On the crumbling mountainside that leads up to the Afghan border are three painted words: "Go back America!" Across the gaping gorge that divides the two countries, tiny figures shift in the fading sunlight along the mountain ridge. They are fresh Taliban reinforcements, whose guns and heavy mortars are nearly invisible to the human eye.
Long known as a crucial gateway between the West and the South Asian sub-continent, the peaks and crags of the Khyber Pass - and the people that live there - present one of the greatest obstacles to US military planners now considering how to get foot soldiers on the ground inside Afghanistan.
For some 18 million Pashtun tribesmen, villagers, and refugees on both sides of this border, blood is thicker than politics. Villagers may have been radicalized by two decades of war, but perpetual strife has also strengthened the traditions that bind them. If the US military is to succeed in its apparent mission to find suspected terrorist Osama bin Laden and his associates, it will have to be extremely sensitive to these traditions, Pakistani historians and Pashtun locals caution.
One of the most common concerns, voiced both by Afghan refugees and Pakistani Pashtuns, is the sanctity of their sense of hospitality. "If you want Osama, then you will have to kill us all," says Mohammad Arif, a Pakistani villager strapped with a pistol and standing beside a fruit stand. "If we have a guest in our house, we will keep him in our house. You must give us proof before you get him. We are a free people."
Afghanistan's 10 million Pashtuns are the country's majority, with another 8 million in Pakistan. They have fought among themselves for centuries, but throughout history, nothing has done more to unite them than a common enemy.
During three Anglo-Afghan wars between 1839 and 1919, British troops met some of their fiercest resistance here at the Khyber Pass. In 1878, Afghan fighters sniped at British forces and ambushed them at every turn in the narrow, winding road. The Afghans' superior guerrilla tactics prevented the British from ever gaining full control of Afghanistan.
That fighting was a precursor to what the Russians would face all across the same jagged peaks and valleys 100 years later. Even when they used heavy guns to blast away at the face of a mountain, the Afghans would often pop up again, aiming their homemade rifles from a nearby peak.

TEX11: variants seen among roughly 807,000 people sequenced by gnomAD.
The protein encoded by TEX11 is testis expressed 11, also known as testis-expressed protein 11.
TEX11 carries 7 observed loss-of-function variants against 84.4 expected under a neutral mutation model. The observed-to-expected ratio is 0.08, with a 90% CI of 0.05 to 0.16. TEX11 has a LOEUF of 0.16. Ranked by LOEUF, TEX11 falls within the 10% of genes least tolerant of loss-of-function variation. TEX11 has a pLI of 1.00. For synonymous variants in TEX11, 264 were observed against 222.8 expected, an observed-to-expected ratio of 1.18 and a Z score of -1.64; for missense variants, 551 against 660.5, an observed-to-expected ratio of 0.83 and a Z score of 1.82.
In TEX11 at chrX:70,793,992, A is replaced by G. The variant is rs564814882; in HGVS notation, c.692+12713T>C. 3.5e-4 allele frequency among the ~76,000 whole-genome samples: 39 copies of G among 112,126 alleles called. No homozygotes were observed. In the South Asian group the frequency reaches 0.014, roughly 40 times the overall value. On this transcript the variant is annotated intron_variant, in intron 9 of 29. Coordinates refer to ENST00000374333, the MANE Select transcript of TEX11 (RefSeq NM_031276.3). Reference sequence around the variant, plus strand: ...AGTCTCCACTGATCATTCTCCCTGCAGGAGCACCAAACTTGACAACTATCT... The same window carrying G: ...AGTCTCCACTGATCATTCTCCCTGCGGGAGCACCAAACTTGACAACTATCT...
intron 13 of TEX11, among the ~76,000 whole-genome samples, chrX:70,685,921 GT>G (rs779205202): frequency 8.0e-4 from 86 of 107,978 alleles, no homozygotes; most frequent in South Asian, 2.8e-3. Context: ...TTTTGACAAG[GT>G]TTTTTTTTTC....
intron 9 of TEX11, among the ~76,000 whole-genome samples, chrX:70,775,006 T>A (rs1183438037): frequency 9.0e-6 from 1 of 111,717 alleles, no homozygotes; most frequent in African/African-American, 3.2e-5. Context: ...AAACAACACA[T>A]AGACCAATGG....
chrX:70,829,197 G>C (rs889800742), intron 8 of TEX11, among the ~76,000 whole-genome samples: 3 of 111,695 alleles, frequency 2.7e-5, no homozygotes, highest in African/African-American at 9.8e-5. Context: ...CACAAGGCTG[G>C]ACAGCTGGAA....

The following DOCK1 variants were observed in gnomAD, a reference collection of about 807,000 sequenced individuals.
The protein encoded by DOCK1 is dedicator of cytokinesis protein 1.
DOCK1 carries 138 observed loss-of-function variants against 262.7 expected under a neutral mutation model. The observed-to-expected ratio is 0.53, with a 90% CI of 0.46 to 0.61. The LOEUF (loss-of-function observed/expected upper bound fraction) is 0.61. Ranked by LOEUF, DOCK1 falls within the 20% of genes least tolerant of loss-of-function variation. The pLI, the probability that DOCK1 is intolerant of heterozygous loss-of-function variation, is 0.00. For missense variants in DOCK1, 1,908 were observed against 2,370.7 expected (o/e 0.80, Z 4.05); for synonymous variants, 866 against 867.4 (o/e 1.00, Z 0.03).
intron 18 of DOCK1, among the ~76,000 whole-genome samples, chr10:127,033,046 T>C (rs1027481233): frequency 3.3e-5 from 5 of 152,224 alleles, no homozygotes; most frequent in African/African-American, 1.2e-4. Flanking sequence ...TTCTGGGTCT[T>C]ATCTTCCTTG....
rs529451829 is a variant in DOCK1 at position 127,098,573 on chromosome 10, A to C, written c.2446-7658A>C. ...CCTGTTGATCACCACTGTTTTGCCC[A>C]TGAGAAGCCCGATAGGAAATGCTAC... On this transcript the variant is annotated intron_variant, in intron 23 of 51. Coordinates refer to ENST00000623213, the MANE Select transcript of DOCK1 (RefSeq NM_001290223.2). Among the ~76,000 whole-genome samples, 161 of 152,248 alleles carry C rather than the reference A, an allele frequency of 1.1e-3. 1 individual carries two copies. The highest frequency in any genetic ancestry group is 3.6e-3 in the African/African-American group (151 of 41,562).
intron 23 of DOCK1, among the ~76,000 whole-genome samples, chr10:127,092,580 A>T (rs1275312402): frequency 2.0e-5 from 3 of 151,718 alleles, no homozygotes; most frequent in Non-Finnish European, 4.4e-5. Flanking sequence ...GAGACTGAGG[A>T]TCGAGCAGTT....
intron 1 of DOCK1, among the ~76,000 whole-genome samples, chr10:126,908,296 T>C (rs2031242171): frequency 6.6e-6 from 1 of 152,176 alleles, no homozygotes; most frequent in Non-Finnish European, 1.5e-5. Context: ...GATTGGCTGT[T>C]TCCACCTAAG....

Over the weekend, truck drivers - the only humans currently allowed to leave Afghanistan - said the Taliban is distributing guns and warning of an imminent attack by the "infidels." Meanwhile, the villages on the Pakistani side were doing a brisk business in light machine-guns, small mortars, hand grenades, and rocket-propelled grenades.
Already, local newspapers in Peshawar are reporting the movement of hundreds of Pashtun religious students into Afghanistan, allegedly to fight the Americans. Some of these youths, the papers report, are aligned with the Harkat Mujahideen, which Pakistani officials believe lost two-dozen fighters when US fighter bombers struck bin Laden bases in August 1998.
While US forces will face hostility from Pashtun tribesmen on both sides of the border, the intimate relations may also provide an invader with a double-edged sword.
"It is true that enmity with one Pashtun translates into enmity with the entire tribe," says Ghulan Taqi Bongash, chairman of the history department at the University of Peshawar. "But with the Pakistani government agreeing to help the US with intelligence, Washington may have at least one ace in the hole. Tribal connections are going to be a key to finding out exactly where Mr. bin Laden is hiding out."
When the CIA was funding the Afghan uprising against Soviet occupation in the 1980s, Pakistan's Inter-Services Intelligence directorate (ISI) was key. So were Pashtun connections.
Brig. Mohammad Youssaf, responsible for training and operations of mujahideen from 1983 to 1987, took great pride in telling associates about his Pashtun-Afghan bloodlines. This was immensely useful to CIA officials, who could rely on Pakistani officials to do much of their "fieldwork" for them, according to John Cooley, author of the book "Unholy Wars: Afghanistan, America and International Terrorism."
When the CIA left, the Pakistani Pashtuns working in the ISI kept up their links inside Afghanistan and eventually helped orchestrate the rise of the Taliban, which now staffs almost all its major posts with Pashtuns. Today, with Pashtun informants deep inside Afghanistan, information about the movements of the several thousand Arab associates of bin Laden is already well known, say local journalists and officials in nearby Peshawar.
But Prof. Bongash warns that to win the ultimate struggle against terrorism, the US will have to also win the hearts and minds of the Pashtun people.
"The Afghans, contrary to some legends, are not supernatural fighters," he says. "The Taliban is already running short on international support and food. The West will have to quickly fill the void by giving massive relief to the refugees and satisfying the tribesmen on both sides of the border."
For now, Afghans and Pakistanis are extremely wary of US intentions. "I am not a Taliban, but if America attacks, we will all stand with the Taliban," says Jumagul Adel, wearing a purple beret and standing in a crowd of refugees anxious to talk with a foreigner. "And be careful you don't kill innocent civilians, because we know your bullets don't have eyes of their own."